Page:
LINCOLN, Neb. – Two high-rise dormitories at the University of Nebraska-Lincoln crashed to the ground Friday in a planned implosion that sent chalky smoke plumes billowing through the downtown campus.
The university demolished Cather and Pound halls simultaneously in about 10 seconds. Crews spent several weeks placing dynamite into support columns on select floors and wiring charges to ensure the detonation went as planned. Roughly 500 pounds (225 kilograms) of dynamite was used.
Preparations began in May, when the Controlled Demolition, Inc., the university's contractor, began removing windows, heavy furniture and mechanical parts from the 13-story dorms.
Engineers estimate each building weighed 200 million tons (180 million metric tons). The dorms had housed thousands of university students since 1963, but were outdated. A 2010 study found a batch of safety, code and facade deficiencies with both buildings and concluded that renovating them would cost too much.
Imploding the buildings proved more feasible than destroying them with a wrecking ball or other methods, said Larry Shippen, the university's associate director of housing facilities. University officials also wanted to demolish the building quickly during the holiday break, when few students are on campus.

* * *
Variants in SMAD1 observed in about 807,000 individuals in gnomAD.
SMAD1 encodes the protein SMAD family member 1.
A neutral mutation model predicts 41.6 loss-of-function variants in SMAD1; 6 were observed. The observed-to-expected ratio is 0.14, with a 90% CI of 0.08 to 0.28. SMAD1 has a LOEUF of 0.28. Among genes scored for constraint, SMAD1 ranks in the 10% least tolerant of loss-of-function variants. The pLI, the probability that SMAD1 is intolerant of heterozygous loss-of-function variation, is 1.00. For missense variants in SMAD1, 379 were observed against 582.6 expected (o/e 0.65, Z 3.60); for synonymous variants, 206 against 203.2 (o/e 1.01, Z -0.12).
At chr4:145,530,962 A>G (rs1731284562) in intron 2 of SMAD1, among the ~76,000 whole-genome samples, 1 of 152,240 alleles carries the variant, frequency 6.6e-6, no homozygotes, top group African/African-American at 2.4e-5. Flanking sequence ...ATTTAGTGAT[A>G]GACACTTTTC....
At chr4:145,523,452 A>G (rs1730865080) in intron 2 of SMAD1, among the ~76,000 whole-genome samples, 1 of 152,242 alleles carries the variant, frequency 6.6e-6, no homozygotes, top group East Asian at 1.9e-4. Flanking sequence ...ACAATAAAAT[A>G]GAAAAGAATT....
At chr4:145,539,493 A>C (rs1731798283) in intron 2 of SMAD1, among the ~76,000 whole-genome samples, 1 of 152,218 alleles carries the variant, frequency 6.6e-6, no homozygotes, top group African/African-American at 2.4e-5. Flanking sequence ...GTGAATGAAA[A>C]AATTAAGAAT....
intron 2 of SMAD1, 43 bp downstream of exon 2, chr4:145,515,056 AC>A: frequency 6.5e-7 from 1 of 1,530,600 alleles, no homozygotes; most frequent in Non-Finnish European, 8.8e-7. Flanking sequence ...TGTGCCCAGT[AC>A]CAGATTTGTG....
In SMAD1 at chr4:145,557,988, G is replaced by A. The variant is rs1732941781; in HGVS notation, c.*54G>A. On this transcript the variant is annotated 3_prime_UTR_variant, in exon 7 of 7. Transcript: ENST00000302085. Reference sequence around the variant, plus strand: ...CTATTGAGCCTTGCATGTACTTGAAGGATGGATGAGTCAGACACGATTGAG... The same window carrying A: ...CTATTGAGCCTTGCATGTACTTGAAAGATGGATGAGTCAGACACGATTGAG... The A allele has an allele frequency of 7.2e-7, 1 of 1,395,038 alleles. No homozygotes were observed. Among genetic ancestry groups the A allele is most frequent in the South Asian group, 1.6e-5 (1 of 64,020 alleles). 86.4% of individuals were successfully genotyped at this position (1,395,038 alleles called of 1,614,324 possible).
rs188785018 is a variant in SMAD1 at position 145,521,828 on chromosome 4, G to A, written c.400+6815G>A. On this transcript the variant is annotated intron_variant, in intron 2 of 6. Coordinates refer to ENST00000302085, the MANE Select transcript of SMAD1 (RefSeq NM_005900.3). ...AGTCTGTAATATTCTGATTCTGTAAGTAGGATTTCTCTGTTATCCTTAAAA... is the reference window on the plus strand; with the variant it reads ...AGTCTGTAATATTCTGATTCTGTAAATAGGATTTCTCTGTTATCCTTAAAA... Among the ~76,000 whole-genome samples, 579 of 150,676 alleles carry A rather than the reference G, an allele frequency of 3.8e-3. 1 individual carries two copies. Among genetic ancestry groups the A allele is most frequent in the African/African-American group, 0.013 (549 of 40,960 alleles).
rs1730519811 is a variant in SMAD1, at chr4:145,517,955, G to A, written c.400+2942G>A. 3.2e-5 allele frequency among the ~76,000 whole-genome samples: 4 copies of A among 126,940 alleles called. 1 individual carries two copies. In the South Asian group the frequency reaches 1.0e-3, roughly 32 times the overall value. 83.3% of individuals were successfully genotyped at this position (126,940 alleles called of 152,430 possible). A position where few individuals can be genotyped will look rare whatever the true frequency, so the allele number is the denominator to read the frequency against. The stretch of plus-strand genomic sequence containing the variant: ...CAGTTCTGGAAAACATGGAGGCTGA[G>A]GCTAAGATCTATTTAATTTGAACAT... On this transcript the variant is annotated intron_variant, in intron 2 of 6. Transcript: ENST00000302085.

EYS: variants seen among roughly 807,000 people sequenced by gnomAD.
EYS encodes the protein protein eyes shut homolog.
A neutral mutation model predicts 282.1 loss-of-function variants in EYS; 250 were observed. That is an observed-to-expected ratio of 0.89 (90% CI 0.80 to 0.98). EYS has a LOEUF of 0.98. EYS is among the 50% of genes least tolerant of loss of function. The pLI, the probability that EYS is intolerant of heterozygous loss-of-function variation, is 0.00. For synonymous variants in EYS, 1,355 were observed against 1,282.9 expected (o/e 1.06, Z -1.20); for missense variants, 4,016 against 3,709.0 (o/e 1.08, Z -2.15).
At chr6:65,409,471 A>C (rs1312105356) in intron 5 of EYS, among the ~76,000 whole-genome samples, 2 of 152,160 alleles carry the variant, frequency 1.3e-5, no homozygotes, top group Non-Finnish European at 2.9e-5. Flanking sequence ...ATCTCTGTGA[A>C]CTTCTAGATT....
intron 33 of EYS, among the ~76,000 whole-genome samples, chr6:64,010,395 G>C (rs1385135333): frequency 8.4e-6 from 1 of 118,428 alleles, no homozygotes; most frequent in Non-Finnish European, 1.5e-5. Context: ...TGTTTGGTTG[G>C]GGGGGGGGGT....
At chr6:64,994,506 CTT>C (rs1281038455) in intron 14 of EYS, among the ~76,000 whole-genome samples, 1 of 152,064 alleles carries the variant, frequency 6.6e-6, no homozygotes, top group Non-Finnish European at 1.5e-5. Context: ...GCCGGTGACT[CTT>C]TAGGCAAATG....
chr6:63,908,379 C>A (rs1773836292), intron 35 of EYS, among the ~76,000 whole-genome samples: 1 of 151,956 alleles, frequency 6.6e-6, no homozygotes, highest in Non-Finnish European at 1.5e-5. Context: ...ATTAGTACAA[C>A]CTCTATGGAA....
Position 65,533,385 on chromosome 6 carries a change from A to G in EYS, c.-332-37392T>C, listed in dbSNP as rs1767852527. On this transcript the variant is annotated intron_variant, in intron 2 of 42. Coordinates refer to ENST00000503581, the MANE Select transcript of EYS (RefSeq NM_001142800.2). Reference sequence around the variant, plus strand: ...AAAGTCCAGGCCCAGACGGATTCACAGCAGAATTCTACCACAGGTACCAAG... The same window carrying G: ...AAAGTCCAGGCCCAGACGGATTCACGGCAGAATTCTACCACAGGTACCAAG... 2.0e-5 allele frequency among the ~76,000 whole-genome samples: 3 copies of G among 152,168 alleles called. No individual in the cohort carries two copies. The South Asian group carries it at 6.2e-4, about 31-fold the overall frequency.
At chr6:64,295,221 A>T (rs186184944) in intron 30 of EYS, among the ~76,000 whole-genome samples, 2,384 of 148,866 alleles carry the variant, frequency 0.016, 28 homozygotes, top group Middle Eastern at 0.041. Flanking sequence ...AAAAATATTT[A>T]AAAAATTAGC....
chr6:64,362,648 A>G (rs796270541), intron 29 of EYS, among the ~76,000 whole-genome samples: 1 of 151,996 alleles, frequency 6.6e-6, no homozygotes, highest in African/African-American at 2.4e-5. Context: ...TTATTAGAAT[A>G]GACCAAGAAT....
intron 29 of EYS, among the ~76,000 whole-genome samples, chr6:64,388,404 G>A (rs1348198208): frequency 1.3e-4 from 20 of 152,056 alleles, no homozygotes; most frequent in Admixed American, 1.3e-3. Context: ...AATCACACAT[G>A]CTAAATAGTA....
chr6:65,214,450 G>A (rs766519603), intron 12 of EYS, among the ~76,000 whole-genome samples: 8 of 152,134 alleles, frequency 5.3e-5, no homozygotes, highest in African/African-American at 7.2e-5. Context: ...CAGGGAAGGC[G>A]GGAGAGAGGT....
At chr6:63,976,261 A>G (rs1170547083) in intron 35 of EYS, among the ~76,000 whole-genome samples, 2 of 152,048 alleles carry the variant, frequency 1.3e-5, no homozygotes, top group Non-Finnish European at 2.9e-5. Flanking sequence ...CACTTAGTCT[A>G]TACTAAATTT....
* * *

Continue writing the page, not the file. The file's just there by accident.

"Today's demolition is the result of many months of planning and preparation," said Sue Gildersleeve, the university's housing director. "Safety has always been the highest priority, and on a congested college campus like this, it has been an understandable challenge."
Barriers were put in place inside and outside the buildings to keep material from flying out and damaging nearby structures.
Nine square blocks around the dorms were evacuated Friday morning. Roughly 300 spectators watched the implosion from atop a nearby parking garage. A few minutes later, after the smoke cleared, all that remained were two piles of concrete roughly 30 feet (9 meters) tall.
Grant Watson, the university's construction manager, said crews will begin cleaning up the rubble next week, and the last remnants are scheduled to be taken to a landfill early next year. The demolition was expected to cost an estimated $7.3 million.
Watson said university officials walked around the site shortly after the implosion and noticed no damage to other buildings except for one cracked window.
Gildersleeve said university officials haven't yet decided what to do with the site. Once the debris is clear, it will serve as green space at least temporarily.
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